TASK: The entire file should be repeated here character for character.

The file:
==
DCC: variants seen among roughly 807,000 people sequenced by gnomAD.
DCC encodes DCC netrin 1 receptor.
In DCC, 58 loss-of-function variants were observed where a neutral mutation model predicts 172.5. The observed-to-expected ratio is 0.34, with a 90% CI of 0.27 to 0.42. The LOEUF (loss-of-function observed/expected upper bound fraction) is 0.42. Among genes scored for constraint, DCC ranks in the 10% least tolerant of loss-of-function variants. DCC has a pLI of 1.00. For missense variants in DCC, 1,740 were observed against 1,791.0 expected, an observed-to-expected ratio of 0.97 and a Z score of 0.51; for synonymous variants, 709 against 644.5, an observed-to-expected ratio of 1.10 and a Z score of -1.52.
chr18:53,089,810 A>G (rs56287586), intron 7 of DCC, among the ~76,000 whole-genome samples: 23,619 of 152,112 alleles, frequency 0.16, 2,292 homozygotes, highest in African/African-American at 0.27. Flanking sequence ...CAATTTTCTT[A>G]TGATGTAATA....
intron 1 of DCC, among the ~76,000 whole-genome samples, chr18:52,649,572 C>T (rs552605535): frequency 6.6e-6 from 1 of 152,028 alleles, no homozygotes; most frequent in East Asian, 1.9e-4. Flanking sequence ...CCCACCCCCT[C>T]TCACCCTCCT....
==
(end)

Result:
DCC: variants seen among roughly 807,000 people sequenced by gnomAD.
DCC encodes DCC netrin 1 receptor.
In DCC, 58 loss-of-function variants were observed where a neutral mutation model predicts 172.5. The observed-to-expected ratio is 0.34, with a 90% CI of 0.27 to 0.42. The LOEUF (loss-of-function observed/expected upper bound fraction) is 0.42. Among genes scored for constraint, DCC ranks in the 10% least tolerant of loss-of-function variants. DCC has a pLI of 1.00. For missense variants in DCC, 1,740 were observed against 1,791.0 expected, an observed-to-expected ratio of 0.97 and a Z score of 0.51; for synonymous variants, 709 against 644.5, an observed-to-expected ratio of 1.10 and a Z score of -1.52.
chr18:53,089,810 A>G (rs56287586), intron 7 of DCC, among the ~76,000 whole-genome samples: 23,619 of 152,112 alleles, frequency 0.16, 2,292 homozygotes, highest in African/African-American at 0.27. Flanking sequence ...CAATTTTCTT[A>G]TGATGTAATA....
intron 1 of DCC, among the ~76,000 whole-genome samples, chr18:52,649,572 C>T (rs552605535): frequency 6.6e-6 from 1 of 152,028 alleles, no homozygotes; most frequent in East Asian, 1.9e-4. Flanking sequence ...CCCACCCCCT[C>T]TCACCCTCCT....